In this months Mind Your Business, Mark Simon discusses the three-ring circus that is starting your own business.
Ladies and gentlemen, boys and girls of all ages. Gather around and witness the spectacle of a death-defying feat. A feat braver than taming the lions. More terrifying than flying from a trapeze. Yes, we are talking about starting your own business.
Whats so difficult about that, you may ask. Well, sonny, step right up and witness a decision as big as the bearded lady determining the legal status of your new company.
Everyone dreams of working for themselves at some point in their career. The money, the glory, the control and more are all possible. However, so are extremely long nights, payroll, tax burdens and responsibility for everything from sales to production to choosing your phone service. To make sure that you keep your tax burden to a minimum, that you protect your personal investments from being affected by the actions against your business or employees, and that you present your new venture in a professional way, you have a number of choices as to how to legally form your company.
Welcome to our five-ring circus. On the far left we have the sole proprietor ring. In the second ring we have our tightrope walkers forming a partnership. In the middle ring you will see the leaping lipizzaners in the Limited Liability Corp., or Llc. In the fourth ring we have the popular S corporation, and, finally, in the big ring with the parading elephants is the C corporation.
Each legal status has its benefits and negatives. Pay sharp attention to the rings, as you dont want to clown around with your decision.
In the sole proprietor ring, you will see a crowd. This is the most popular type of business status, because its also the easiest. All you have to do is say you are in business, and like magic, you are in business. You are the business. Your name is the business name. No extra taxes. No extra forms. Just you and your abilities. All the income and expense for your business go onto your personal tax form.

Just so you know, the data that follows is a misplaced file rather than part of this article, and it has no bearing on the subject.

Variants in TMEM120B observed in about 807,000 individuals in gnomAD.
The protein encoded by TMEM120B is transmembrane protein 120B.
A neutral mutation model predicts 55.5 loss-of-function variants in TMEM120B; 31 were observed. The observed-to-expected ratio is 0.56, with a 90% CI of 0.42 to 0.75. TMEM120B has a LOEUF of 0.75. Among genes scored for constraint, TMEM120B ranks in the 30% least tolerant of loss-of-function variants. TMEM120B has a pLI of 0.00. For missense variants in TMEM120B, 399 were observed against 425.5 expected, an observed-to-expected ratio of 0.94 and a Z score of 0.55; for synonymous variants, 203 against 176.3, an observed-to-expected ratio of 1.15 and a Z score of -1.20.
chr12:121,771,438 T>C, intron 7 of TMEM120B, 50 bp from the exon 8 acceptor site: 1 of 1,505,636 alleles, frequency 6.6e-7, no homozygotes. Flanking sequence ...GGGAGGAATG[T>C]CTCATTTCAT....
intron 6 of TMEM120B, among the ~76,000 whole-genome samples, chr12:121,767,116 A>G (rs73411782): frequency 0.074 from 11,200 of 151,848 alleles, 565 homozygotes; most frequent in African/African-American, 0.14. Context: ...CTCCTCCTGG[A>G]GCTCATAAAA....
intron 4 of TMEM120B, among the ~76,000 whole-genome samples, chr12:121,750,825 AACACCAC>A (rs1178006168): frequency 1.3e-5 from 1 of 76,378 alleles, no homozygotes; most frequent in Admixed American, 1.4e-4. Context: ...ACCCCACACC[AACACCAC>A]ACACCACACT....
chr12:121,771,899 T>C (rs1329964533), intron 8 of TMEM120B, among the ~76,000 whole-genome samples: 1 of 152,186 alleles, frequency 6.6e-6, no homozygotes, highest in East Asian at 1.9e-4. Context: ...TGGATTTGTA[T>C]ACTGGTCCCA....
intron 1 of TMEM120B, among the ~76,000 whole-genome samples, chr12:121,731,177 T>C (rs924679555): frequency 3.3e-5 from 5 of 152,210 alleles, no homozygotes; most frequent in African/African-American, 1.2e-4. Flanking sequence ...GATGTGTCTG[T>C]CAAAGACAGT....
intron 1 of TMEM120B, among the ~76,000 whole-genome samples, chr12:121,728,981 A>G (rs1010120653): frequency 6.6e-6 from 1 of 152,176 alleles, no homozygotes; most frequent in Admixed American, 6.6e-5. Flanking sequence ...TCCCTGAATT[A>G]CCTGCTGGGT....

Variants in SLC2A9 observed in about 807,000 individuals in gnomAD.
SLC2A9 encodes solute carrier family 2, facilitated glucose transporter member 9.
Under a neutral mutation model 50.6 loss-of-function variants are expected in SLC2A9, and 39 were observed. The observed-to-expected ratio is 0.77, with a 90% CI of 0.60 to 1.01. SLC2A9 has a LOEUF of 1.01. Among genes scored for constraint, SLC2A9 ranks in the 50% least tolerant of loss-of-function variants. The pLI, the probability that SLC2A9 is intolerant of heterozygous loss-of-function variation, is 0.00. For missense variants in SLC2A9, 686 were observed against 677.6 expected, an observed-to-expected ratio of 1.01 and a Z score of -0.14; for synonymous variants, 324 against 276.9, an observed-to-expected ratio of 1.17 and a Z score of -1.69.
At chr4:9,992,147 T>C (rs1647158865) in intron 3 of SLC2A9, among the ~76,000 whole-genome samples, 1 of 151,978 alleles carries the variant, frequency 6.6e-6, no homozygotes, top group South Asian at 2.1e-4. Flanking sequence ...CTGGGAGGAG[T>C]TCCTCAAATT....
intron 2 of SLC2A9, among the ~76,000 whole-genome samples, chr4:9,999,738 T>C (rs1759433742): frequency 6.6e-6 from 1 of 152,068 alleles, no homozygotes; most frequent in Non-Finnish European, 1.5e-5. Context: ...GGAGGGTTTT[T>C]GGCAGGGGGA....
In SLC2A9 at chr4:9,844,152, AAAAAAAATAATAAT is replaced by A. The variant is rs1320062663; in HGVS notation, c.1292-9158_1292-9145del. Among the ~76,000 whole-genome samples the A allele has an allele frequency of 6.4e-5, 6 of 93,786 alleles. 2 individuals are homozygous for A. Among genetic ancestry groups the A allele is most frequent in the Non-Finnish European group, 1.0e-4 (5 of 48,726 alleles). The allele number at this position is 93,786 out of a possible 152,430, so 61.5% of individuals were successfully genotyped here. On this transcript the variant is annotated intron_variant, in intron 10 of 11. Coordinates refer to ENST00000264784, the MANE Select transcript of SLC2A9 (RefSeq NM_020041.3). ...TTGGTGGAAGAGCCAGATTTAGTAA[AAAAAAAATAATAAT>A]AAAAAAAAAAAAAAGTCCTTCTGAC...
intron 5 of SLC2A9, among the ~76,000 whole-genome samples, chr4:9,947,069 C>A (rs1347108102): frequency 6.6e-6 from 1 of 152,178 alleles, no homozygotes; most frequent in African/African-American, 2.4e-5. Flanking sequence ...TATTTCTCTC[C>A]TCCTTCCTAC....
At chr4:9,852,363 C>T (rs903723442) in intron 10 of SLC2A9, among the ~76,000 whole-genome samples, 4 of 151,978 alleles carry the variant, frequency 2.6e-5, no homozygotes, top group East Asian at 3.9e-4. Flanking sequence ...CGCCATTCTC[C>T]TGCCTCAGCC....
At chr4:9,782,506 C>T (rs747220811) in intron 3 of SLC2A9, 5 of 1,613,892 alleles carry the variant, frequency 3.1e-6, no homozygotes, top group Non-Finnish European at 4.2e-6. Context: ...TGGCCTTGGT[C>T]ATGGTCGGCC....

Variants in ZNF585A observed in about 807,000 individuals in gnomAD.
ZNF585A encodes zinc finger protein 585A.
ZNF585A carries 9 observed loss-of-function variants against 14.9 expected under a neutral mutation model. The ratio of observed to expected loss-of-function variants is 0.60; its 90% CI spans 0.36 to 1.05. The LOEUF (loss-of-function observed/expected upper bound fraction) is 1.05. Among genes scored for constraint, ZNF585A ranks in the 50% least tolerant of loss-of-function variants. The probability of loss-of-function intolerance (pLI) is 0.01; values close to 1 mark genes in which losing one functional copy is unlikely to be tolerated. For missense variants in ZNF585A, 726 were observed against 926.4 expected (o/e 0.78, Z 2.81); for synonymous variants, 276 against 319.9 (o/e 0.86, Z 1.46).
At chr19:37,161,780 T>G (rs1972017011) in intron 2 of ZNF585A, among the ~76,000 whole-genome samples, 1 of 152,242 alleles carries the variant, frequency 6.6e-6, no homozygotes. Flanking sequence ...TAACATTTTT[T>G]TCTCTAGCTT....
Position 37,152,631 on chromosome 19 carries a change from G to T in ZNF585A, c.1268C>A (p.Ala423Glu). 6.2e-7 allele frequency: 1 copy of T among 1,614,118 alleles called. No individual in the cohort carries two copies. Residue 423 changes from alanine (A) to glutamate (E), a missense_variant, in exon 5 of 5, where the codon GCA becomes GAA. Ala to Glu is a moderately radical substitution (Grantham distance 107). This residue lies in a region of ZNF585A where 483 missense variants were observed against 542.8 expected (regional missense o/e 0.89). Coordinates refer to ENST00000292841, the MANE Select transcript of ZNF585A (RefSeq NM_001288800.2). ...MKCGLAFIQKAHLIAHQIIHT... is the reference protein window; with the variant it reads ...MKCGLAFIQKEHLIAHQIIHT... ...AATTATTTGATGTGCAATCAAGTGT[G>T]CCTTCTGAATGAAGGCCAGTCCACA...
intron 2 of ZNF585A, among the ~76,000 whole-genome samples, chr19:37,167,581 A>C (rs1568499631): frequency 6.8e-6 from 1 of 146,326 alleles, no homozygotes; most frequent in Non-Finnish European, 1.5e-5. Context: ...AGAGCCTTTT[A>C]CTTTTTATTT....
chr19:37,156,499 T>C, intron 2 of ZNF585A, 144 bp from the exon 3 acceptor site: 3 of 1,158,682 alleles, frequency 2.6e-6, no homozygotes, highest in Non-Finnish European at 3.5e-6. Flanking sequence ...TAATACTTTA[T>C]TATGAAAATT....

You can go by a business name other than your given name as long as you file for a fictitious name, or DBA, Doing Business As. DBAs are great to allow you to sound more like an ongoing business, but you cant use the terms corporation, corp., or inc. in the name, as those terms may only be used by legal corporations. The negatives are that you have no legal protection separating your personal items and investments from those of your business and you dont get some tax benefits. Your business ID number is your social security number.
Watch out in the second ring, as running a partnership is like walking a tight rope. A partnership is simply a relationship between two or more persons who join to carry on a trade or business. Each contributes money, property, labor or skill and share in the profits and losses of the business. The business itself does not pay taxes. Instead the profits or losses are passed through to the partners to include on their personal tax returns. Their personal property also has no protection from judgments against the partnership.
The danger in the partnership ring comes from balancing personal relationships with money, time, effort and expectations. The best safety net is a detailed contract outlining the responsibilities of each partner.